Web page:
Mini Win – And Why does this take so long?

23 Nov

So I officially put the “THE END” at the End of Chimera today. I started it for NANO 2018, and I got to the final act and hit a wall. Not just any wall – shoot, I’m a Plantser – combination plotter and pantser – so wrote the ending, which I’ve had to change a little, but it gave me an idea where I wanted to go.

Basically I had an idea for how they would get to that point, but it didn’t seem smart enough for me. I’m not saying every ending needs to be smart, but what I had was unsatisfying, especially considering the lead up. I didn’t like the climax, and the problem, ultimately, was that I needed to develop the technology of not one but two forces that oppose our heroes. They oppose each other, and I highly expected them to go against each other and allowed our underdog heroes to skirt around them. It didn’t go as planned, but I’m somewhat satisfied at how it played out. More revision is needed, of course, but at 85k I’m sitting at a nice length and I can shorten and lengthen as needed.

The premise of Chimera, is that humanity learned to punch portals in not quite deep space and have been terraforming several suitable planets for a few hundred years, however it’s unknown to the general population. The problem is that there’s factors in these planets that make them not quite great for the general public outside of their biospheres, so it’s easier to start modifying the human genome to make subspecies to inhabit these potential planets. Everyone’s pretty much a cyborg by this time (very minor implants, think of it as having your cell phone implanted and you’re constantly connected to a variety of what they call ‘underwebs’ or grids if you are military) but there’s still many human modifications that are very illegal, as they tend to be invitro or so invasive the general population abhors them. Since several planets have been terraformed, the powers that be can modify the people they send there without real consequence.

My main character, Cheyenne, is sent out for some what she assumes is routine maintenance and she’s there in case the autopilot malfunctions and she needs to take manual control when their civilian-class transport is starting to malfunction. They’re pulled into this other part of the galaxy, and because she’s outside the main transport, she and a handful of other pilots and engineers are able to limp to the nearest life-permitting planet, and the powers that be don’t really care about them anyway. The planet is terraformed and they’ll be okay, but once their shuttles hit the planet they’ll be unable to breach the atmosphere and, they know even if they manage to make it to the portal back to our atmosphere, they’re too far from Earth to limp home with the life support. They know they’ll either be found out and willing to be saved or caught by the local wildlife/free range humanoids and dealt with.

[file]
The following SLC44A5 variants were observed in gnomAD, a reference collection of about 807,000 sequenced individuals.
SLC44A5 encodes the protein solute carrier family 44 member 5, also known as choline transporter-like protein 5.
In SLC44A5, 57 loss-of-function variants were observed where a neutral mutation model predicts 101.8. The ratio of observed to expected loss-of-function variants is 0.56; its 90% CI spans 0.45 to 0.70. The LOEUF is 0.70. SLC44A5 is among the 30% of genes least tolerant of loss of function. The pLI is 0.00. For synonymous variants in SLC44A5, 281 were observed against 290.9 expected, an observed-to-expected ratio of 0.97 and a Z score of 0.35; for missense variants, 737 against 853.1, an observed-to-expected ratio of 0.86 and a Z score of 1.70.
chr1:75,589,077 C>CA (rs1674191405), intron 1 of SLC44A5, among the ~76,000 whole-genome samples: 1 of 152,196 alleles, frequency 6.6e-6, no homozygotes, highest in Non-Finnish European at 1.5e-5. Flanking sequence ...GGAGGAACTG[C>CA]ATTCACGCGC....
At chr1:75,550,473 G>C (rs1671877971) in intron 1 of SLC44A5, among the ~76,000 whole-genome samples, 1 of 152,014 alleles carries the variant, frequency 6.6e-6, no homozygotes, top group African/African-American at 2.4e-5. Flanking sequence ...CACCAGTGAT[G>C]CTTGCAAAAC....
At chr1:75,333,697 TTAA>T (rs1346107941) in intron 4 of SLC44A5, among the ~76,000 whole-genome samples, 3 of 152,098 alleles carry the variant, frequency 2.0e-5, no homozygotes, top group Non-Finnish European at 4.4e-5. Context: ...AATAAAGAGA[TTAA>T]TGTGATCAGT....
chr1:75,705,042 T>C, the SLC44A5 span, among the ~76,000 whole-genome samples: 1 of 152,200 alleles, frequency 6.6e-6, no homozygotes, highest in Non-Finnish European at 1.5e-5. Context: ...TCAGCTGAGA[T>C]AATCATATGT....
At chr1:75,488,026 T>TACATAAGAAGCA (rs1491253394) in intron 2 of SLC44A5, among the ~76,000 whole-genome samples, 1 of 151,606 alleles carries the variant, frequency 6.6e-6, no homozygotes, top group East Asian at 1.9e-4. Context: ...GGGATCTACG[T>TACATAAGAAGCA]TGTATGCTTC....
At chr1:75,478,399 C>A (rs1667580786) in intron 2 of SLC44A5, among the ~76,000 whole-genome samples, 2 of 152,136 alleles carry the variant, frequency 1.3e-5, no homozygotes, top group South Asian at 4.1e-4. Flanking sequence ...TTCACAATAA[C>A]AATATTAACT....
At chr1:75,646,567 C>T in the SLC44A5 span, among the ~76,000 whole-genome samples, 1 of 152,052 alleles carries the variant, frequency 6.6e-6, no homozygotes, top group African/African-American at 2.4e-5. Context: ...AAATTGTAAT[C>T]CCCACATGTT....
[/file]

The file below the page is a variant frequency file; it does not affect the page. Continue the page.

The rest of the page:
I had to do a lot of research and think about how I wanted to approach it. Right now, the plan is to write book 2 and make it a duology, but I’ll be really honest I’ll probably focus on the NANOWRIMO other projects and get around to this one after I knock Titan’s Ascent down to size.

I know I tend to say each project takes about a year, but here’s the conundrum: Some projects take far less, other projects take much more. I’ve abandoned projects before, I’ve left projects and come back to them. I’m about to revisit and revise a project which, I thought I was just about ready to self-publish at the time (unedited, that would have been fixed) but I was just starting into my paramedicine and that, so I figured I should learn about real trauma, real injury and I’m glad I waited. It sucks because I think with any project, you can look back and go, “Hey, this could be better. I’m a better writer now than I was.” And it’s true, but that being said I think a big part of being an artist is knowing when the project is fit for the public. Knowing that yeah, you might have done better, and there’s no excuse for rushing out a poor project. But, you also need to get over yourself, and think about the next one, and how you’ll improve on your next title.

But in general, I’m feeling pleased with the project and I got more ideas floating around for it’s sequel than Rogue Healer 4, but that being said I haven’t really been focusing on it as much, so I haven’t hit flow yet. The shorts are coming along fine, and the way my tours are split up I’ll have a few days at the end of the month to catch up. I’m hoping to finish early so I can revise Titan’s Ascent, then go revise an older project.

Oh, and I self-pubbed a short story, “Straw Man” on Kobo exclusively for now. I’ll probably put it on Smashwords and other places in the coming weeks. I’m still learning, and my plan is to work on a full size Ebook. I made a few practice, smaller ebooks with ‘chapters’ (Stories with pictures) so I feel confident enough to get it done. I’ll post when it’s all available.

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